A couple of weeks ago I mentioned that I would be taking a look at the leachate that comes from vermicompost. Here is the worm house, owned by Master Gardener Meleah Maynard, from which this leachate came. This is a picture from when the house was new — it now has multiple floors.
It has been running for a few years now, and the “ingredients” that she puts in, mostly table scraps, are pretty typical of what anyone would put into compost. She reports that it produces about a gallon of leachate every 2-3 weeks. The leachate from this house has the following properties:
- pH – 8.5: That’s a high pH for soil, but for a fertilizer added every week or two it’s fine.
- Nitrogen – 1120 ppm: That’s high for a fertilizer. About twice the concentration I’d use if I were applying a liquid fertilizer to my plants at home. The nitrogen is present mostly as nitrate, which is a good thing. If the nitrogen were present primarily as ammonium, that might cause problems.
- Phosphorus – 22 ppm: That’s a good/appropriate concentration of phosphorus for most plants. It’s much less than we apply when we use a typical garden fertilizer. Potassium – 5034 ppm: This is an order of magnitude higher than we’d apply for most plants using a liquid fertilizer.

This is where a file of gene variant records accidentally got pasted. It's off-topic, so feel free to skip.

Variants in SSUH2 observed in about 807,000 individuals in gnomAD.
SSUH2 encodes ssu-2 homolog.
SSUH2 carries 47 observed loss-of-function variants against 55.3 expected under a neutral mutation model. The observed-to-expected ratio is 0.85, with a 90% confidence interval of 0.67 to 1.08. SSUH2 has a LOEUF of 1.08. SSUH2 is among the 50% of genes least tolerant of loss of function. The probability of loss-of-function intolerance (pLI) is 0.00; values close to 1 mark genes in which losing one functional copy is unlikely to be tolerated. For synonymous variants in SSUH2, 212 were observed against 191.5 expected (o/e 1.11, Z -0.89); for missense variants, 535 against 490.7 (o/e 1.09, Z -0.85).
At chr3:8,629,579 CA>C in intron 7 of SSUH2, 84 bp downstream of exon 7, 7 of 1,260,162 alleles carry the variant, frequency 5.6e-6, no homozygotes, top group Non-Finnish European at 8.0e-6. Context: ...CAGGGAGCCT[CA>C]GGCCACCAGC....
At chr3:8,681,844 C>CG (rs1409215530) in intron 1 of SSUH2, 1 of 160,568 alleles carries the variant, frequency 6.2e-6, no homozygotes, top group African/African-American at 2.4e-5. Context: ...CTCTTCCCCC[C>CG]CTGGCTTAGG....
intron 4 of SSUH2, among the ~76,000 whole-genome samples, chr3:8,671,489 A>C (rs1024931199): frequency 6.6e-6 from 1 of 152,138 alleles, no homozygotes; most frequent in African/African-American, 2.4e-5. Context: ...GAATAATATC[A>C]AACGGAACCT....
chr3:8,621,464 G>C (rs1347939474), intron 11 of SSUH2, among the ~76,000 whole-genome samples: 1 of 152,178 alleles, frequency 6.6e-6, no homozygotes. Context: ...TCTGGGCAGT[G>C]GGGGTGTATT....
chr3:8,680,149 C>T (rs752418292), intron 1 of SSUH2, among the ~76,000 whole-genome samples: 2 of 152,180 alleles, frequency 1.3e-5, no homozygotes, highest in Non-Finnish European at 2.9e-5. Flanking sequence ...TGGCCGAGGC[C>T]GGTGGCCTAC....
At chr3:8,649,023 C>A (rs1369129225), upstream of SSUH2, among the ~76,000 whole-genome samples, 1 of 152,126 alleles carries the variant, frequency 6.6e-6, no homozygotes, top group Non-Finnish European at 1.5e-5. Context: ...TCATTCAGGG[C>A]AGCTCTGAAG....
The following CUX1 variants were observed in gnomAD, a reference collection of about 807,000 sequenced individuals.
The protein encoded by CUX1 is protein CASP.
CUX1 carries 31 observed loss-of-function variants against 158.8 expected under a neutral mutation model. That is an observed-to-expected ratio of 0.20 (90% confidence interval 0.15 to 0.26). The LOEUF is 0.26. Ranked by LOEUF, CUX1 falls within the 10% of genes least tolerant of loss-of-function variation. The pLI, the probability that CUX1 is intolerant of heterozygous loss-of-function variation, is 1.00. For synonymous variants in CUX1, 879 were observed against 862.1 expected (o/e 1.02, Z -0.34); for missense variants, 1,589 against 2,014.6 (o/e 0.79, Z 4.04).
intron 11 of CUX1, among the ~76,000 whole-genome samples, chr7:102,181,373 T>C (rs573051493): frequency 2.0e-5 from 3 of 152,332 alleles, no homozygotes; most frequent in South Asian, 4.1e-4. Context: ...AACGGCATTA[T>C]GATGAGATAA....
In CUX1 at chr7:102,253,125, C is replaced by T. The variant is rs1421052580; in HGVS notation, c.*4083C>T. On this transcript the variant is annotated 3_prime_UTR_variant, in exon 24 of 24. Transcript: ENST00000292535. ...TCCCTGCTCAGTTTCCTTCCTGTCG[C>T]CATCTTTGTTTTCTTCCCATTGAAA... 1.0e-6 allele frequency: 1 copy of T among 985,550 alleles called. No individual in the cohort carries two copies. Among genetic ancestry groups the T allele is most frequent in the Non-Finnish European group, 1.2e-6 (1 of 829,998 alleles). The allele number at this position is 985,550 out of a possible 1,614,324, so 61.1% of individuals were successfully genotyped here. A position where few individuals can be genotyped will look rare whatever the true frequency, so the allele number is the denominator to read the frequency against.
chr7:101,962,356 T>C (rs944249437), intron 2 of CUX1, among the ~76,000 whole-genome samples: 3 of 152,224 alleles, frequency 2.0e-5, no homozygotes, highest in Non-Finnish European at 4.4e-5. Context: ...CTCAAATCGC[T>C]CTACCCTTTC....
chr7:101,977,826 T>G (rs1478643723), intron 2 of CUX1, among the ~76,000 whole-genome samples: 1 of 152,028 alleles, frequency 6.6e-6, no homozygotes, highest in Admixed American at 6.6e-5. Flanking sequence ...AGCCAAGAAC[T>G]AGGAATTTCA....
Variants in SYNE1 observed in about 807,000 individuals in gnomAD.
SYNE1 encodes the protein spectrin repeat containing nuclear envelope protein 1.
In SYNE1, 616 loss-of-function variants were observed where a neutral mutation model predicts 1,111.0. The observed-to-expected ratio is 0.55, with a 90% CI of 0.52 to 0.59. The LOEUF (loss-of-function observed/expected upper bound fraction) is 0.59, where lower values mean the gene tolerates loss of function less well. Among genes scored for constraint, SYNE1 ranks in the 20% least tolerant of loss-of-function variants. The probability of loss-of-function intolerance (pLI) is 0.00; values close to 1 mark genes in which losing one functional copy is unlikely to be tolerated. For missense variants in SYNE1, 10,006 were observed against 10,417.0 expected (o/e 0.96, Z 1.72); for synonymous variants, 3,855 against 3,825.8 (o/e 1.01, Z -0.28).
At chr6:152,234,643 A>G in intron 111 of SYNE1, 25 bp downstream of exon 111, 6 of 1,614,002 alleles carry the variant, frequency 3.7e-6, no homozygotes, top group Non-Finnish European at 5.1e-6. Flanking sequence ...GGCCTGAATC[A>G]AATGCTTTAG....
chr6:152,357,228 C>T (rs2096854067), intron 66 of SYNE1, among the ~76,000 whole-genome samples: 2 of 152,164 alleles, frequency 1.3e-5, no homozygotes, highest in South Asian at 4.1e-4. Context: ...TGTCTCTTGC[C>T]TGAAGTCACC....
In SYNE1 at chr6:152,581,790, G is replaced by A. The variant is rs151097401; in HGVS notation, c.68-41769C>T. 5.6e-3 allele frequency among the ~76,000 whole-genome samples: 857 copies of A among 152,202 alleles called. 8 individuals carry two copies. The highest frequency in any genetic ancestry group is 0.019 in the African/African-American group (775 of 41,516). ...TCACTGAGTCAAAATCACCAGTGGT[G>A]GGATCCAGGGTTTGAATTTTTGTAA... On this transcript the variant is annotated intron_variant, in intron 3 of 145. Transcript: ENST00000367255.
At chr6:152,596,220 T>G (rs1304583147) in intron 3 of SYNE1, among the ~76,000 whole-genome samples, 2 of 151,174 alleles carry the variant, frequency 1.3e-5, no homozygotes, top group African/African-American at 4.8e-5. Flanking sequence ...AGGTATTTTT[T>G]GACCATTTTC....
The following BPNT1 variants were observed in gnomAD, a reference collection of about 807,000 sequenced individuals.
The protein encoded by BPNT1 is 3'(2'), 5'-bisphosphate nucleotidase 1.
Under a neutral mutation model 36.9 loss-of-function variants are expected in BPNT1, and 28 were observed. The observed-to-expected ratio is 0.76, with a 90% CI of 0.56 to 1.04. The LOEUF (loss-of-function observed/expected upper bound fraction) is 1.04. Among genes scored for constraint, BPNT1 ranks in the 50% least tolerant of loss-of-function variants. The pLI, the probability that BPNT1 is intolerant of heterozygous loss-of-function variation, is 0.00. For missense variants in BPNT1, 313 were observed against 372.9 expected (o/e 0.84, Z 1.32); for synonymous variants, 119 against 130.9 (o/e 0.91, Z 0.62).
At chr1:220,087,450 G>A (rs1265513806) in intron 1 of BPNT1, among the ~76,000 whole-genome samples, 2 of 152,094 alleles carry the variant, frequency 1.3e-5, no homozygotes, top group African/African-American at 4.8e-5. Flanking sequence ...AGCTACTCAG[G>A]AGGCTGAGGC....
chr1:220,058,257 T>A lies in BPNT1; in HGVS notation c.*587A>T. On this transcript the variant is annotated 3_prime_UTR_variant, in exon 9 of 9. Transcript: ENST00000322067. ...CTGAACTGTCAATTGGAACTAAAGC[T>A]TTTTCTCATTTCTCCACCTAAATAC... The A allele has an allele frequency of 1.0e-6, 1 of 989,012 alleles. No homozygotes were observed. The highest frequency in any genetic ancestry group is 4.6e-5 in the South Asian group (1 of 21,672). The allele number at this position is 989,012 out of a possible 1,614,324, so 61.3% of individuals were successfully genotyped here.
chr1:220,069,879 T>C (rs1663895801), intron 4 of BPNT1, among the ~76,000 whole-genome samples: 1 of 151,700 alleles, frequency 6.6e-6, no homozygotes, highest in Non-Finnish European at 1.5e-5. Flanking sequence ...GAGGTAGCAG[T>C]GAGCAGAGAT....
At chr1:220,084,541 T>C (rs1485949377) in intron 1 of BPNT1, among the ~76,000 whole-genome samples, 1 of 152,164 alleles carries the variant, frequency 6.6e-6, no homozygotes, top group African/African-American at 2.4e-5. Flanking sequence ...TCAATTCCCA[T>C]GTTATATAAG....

- Calcium – 279 ppm: This is a reasonable amount of calcium.
- Magnesium – 211 ppm: This is reasonable amount of magnesium.
- Sodium – 634 ppm: I’d like to see less sodium, but this shouldn’t cause a major problem.
- Other elements present included Iron, Copper, Manganese, Zinc, Molybdenum, and Boron, all at levels less than 1 ppm.
So what’s my conclusion? I think that, based on the nutrients and nothing else (no trials), this could be a great liquid fertilizer if it were used properly. I’d recommend diluting it somewhere between 1:1 and 1:5 worm juice : water before applying it, and I’d only apply it once every week or two. If you want to use it, try it on something that you’re not too concerned about first, just to make sure that it doesn’t do anything too terrible (It shouldn’t, but I believe in caution).